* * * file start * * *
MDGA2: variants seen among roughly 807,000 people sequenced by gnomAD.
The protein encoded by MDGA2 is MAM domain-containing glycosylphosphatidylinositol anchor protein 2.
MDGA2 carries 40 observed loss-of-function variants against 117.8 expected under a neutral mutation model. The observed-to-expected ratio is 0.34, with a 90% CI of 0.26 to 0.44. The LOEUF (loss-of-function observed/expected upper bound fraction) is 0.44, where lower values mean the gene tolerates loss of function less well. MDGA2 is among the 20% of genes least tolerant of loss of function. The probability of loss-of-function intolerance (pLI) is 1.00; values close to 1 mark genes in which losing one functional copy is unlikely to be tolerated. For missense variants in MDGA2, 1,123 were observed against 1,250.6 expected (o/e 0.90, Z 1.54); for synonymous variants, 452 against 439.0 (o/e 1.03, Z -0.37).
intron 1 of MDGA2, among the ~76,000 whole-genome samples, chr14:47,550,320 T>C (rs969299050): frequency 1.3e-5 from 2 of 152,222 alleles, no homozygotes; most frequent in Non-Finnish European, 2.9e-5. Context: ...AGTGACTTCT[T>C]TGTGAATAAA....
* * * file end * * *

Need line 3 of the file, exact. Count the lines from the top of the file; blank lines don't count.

MDGA2 carries 40 observed loss-of-function variants against 117.8 expected under a neutral mutation model. The observed-to-expected ratio is 0.34, with a 90% CI of 0.26 to 0.44. The LOEUF (loss-of-function observed/expected upper bound fraction) is 0.44, where lower values mean the gene tolerates loss of function less well. MDGA2 is among the 20% of genes least tolerant of loss of function. The probability of loss-of-function intolerance (pLI) is 1.00; values close to 1 mark genes in which losing one functional copy is unlikely to be tolerated. For missense variants in MDGA2, 1,123 were observed against 1,250.6 expected (o/e 0.90, Z 1.54); for synonymous variants, 452 against 439.0 (o/e 1.03, Z -0.37).